Teens will have more time over the summer to spend online, but before they do, they should be aware of a little-known sex crime called “sextortion.”
Sextortion takes revenge porn – when perpetrators distribute sexually explicit content without the subject’s consent – to the next level.
In sextortion cases, perpetrators acquire a victim’s explicit photos or videos – with or without consent – and threaten to release it unless the victim meets their demands, experts say. Offenders may blackmail or coerce victims into sending additional sexual content or money, or to perform a sex act.
“Like all sex crimes, sextortion is about control,” said Carrie Goldberg, owner of C.A. Goldberg, PLLC, a victim’s rights law firm in Brooklyn, New York, via email.
Parents and high school teachers can find answers to questions about this type of remote sexual assault below.
1. Who are “sextorters?” A perpetrator could be a partner from a romantic relationship gone sour, says David Finkelhor, director of the Crimes Against Children Research Center at the University of New Hampshire.
Or they may be strangers victims met or were communicating with online, Finkelhor says.
In one case, an offender tricked victims into downloading malware that allowed him to remotely take control of their computers and spy on them via their webcams and microphones without their knowledge.
2. What should parents and teachers do if teens are being sextorted? “It’s important for the adult to remember that they really do need to be responsive and supportive,” says Lindsey Olson, executive director of the exploited children division at the National Center for Missing & Exploited Children. Adults need to remain calm and should praise the teen for letting them know about the issue.
It’s really important for parents to encourage their kids to notify the police, says Mona Sedky, a senior trial attorney with the Computer Crime & Intellectual Property section of the U.S. Department of Justice.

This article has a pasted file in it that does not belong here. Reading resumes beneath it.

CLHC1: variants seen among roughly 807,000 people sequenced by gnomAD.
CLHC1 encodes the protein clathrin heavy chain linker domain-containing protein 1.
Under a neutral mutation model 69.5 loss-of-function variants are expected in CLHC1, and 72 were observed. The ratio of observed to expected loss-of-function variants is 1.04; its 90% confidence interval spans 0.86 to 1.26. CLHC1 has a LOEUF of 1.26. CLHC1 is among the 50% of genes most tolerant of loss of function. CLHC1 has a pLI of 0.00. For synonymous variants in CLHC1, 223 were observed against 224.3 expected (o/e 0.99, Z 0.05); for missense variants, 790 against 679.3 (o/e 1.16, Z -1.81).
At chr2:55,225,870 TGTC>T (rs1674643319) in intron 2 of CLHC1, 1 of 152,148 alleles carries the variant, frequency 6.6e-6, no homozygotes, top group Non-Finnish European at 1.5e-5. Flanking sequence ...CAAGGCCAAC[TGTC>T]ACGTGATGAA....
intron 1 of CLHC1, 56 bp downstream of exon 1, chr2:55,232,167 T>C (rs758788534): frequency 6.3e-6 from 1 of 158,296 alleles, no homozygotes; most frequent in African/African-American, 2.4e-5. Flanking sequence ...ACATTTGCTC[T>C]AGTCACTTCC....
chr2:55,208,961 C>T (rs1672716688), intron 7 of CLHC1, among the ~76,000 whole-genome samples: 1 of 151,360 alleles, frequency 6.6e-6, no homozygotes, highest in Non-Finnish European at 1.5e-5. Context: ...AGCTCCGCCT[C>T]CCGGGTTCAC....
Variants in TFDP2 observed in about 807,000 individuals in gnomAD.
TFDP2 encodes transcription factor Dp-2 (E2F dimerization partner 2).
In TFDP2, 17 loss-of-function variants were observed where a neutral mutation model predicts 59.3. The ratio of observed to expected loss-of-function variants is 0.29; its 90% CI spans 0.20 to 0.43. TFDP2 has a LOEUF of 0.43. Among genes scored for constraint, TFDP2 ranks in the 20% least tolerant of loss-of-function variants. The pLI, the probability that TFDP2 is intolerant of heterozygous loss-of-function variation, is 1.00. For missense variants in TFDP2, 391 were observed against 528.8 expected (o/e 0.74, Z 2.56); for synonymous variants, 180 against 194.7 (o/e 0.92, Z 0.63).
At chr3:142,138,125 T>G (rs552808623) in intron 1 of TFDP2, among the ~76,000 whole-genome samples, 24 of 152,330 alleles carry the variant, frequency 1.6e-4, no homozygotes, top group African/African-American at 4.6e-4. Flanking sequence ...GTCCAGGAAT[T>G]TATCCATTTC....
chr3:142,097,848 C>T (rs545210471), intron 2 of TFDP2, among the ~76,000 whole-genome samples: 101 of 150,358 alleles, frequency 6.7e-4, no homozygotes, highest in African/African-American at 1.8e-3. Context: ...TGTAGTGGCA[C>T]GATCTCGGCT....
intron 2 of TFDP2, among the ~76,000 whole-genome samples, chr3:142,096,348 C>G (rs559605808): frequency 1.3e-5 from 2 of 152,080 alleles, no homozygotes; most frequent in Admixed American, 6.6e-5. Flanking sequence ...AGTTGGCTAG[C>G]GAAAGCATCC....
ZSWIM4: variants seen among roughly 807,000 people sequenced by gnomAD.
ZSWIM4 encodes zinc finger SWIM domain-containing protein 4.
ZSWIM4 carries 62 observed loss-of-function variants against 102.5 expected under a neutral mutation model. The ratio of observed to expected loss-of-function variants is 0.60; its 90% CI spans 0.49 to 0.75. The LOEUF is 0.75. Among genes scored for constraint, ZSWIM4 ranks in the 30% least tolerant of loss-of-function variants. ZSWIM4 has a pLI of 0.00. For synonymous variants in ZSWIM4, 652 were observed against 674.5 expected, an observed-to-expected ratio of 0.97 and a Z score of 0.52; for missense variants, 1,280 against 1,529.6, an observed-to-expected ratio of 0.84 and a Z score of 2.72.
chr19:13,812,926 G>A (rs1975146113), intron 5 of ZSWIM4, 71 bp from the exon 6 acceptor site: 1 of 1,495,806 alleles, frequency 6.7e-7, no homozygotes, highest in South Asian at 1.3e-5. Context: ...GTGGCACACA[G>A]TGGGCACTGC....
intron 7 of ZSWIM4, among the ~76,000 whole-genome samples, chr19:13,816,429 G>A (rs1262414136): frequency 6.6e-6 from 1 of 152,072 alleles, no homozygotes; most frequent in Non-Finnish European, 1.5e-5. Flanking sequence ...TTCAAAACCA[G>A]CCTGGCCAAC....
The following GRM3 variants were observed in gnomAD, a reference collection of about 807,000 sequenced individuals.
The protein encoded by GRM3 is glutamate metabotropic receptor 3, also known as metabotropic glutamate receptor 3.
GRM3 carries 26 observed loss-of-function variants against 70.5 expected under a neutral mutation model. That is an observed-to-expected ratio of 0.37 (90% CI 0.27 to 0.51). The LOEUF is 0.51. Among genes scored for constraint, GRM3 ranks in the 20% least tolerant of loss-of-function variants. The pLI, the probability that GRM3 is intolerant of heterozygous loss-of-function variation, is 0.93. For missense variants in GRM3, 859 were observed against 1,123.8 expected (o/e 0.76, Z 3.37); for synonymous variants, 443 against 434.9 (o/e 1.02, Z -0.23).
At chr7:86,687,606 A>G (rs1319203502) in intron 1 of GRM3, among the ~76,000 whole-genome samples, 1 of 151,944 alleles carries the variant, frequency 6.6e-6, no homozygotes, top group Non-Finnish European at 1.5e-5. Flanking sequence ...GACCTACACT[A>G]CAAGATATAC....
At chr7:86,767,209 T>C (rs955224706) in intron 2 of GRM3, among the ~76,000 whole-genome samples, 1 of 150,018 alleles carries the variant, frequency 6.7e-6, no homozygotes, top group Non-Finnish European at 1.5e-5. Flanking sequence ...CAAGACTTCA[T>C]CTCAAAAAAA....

“I know that they want to delete everything because they don’t want anybody to know and they don’t want to relive this nightmare,” she says. But law enforcement needs victims to preserve all communications – from both sides – and all photographs, she says. Save everything and if photographs do end up getting distributed or published, try to keep track of where it went and who got it.
Many major social media networks have a button where users can report online abuse, she says, and these platforms usually act quickly. But first, victims should take a screen capture of the material, print it out and save it for law enforcement.
“Please, please tell another adult. You’re not alone. You didn’t do anything wrong,” Sedky says.
Aside from contacting the police or their closest FBI office, families can report crimes to the National Center for Missing & Exploited Children’s CyberTipline.
Prevention is key, Olson says. Parents and teachers should have ongoing conversations with teens about online safety and appropriate behavior. Teens may be afraid of getting in trouble or feel embarrassed, so it’s important parents have conversations beforehand so teens feel comfortable coming forward to parents or trusted adults. If teens try to handle these situations on their own, it could escalate very quickly, she says.
Teens should not comply with any threats, she says. They should stop communicating with the person making the threat and tell a trusted adult.
3. What are the effects of sextortion? The effects can be severe, says Finkelhor, also an author of a recent study on the issue. Some victims have to move, change jobs or get counseling – it can be very traumatizing, he says.
The consequences could also be severe for teenage offenders. “In theory, if a minor extorts nude photos from another minor they are producing child porn, which is a criminal offense,” said Goldberg.
Parents need to know that victims are devastated by these crimes, Sedky says. Victims should be treated very carefully because they are emotionally very vulnerable.